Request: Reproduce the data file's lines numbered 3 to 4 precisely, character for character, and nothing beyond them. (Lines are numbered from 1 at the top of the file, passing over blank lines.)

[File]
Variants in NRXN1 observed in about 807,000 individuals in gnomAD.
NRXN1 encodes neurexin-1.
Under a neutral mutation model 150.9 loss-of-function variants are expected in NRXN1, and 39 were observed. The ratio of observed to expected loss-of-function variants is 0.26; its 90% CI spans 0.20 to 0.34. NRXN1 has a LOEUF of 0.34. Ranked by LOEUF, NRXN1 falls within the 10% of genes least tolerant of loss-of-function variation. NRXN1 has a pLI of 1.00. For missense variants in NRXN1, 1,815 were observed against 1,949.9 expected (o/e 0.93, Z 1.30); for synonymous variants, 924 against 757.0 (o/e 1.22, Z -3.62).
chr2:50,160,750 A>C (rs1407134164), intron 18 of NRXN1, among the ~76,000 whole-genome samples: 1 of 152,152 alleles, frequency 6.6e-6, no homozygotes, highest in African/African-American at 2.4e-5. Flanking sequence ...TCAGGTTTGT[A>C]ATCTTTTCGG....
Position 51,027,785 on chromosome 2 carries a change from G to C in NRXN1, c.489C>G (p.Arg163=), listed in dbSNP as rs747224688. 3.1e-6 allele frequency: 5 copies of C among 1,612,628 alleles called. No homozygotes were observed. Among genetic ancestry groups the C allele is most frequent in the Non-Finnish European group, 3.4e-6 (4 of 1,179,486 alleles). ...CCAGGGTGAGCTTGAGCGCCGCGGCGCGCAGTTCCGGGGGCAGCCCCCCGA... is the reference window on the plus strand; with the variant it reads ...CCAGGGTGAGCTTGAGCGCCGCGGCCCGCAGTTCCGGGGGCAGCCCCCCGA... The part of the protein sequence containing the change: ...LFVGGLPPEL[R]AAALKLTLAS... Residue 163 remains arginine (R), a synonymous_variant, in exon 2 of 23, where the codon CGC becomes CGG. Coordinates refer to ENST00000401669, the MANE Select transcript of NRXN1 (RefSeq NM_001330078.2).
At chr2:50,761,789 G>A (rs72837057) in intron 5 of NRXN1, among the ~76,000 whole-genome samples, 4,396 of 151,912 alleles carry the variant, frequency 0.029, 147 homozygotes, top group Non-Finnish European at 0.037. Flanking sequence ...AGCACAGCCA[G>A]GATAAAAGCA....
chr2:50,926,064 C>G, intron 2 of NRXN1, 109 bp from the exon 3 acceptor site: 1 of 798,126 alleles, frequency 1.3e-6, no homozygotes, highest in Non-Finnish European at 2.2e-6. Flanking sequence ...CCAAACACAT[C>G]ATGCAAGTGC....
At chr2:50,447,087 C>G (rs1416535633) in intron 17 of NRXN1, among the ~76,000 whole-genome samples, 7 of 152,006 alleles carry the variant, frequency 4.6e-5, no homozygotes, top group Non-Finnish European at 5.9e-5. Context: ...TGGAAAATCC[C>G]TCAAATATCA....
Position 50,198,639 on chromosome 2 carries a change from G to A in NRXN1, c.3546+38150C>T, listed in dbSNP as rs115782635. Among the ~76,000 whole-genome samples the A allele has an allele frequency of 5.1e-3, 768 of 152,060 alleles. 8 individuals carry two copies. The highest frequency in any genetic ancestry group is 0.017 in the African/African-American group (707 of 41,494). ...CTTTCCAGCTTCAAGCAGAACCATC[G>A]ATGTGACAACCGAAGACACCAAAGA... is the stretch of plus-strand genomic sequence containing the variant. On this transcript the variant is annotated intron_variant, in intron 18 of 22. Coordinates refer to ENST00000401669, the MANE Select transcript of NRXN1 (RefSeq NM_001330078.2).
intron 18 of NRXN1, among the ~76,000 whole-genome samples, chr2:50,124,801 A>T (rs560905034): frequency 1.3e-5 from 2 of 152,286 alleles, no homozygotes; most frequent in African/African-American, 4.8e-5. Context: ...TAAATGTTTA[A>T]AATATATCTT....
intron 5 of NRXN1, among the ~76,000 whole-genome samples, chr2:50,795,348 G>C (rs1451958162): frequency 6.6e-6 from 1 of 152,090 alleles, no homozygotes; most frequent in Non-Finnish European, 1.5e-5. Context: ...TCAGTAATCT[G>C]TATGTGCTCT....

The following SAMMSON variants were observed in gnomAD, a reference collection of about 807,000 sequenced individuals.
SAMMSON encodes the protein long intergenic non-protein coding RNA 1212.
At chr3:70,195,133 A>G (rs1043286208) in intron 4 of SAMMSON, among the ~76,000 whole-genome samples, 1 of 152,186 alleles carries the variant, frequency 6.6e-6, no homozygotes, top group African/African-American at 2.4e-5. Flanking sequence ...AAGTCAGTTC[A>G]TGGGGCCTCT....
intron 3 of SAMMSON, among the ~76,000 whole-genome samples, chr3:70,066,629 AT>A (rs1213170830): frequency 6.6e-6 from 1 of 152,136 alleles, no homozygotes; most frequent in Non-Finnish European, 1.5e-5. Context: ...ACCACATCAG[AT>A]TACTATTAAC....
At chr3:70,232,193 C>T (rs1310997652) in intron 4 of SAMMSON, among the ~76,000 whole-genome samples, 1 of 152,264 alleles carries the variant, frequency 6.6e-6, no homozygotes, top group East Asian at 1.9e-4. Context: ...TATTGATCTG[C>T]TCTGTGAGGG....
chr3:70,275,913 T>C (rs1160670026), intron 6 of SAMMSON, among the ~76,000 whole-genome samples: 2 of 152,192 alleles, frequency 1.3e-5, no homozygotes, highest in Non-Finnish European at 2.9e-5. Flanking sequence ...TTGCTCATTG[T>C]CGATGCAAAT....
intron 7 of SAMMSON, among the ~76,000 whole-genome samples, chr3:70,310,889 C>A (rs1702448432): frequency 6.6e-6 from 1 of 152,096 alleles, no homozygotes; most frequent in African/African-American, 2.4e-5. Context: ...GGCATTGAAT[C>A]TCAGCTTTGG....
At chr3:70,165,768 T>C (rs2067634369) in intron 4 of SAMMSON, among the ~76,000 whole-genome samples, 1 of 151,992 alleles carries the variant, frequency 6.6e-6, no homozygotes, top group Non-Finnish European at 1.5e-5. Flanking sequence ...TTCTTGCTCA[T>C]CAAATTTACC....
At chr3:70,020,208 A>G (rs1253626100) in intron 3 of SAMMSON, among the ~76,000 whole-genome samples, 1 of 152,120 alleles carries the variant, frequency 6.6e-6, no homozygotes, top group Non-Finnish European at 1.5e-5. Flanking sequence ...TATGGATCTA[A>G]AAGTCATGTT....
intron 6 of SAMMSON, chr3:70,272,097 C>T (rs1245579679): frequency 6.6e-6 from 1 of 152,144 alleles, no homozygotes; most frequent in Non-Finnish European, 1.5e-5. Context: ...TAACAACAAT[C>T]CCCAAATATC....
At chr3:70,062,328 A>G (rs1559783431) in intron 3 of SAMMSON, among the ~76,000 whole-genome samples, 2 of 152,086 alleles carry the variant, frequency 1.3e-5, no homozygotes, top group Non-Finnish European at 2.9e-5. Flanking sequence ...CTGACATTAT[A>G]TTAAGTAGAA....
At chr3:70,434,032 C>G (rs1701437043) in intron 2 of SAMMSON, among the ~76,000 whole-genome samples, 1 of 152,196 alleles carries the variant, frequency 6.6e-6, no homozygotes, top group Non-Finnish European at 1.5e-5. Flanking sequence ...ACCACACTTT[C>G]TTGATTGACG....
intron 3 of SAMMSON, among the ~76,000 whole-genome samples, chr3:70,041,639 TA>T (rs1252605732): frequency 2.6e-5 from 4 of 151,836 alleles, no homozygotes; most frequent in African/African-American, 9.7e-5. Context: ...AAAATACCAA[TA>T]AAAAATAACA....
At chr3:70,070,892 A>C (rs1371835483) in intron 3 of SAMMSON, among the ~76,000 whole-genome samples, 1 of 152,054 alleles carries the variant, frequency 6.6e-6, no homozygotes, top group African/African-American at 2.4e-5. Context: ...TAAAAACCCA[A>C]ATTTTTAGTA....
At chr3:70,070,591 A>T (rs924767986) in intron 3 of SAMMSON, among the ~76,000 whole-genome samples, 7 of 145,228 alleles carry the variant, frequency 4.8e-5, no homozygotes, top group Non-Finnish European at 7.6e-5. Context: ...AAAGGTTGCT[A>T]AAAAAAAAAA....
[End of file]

Under a neutral mutation model 150.9 loss-of-function variants are expected in NRXN1, and 39 were observed. The ratio of observed to expected loss-of-function variants is 0.26; its 90% CI spans 0.20 to 0.34. NRXN1 has a LOEUF of 0.34. Ranked by LOEUF, NRXN1 falls within the 10% of genes least tolerant of loss-of-function variation. NRXN1 has a pLI of 1.00. For missense variants in NRXN1, 1,815 were observed against 1,949.9 expected (o/e 0.93, Z 1.30); for synonymous variants, 924 against 757.0 (o/e 1.22, Z -3.62).
chr2:50,160,750 A>C (rs1407134164), intron 18 of NRXN1, among the ~76,000 whole-genome samples: 1 of 152,152 alleles, frequency 6.6e-6, no homozygotes, highest in African/African-American at 2.4e-5. Flanking sequence ...TCAGGTTTGT[A>C]ATCTTTTCGG....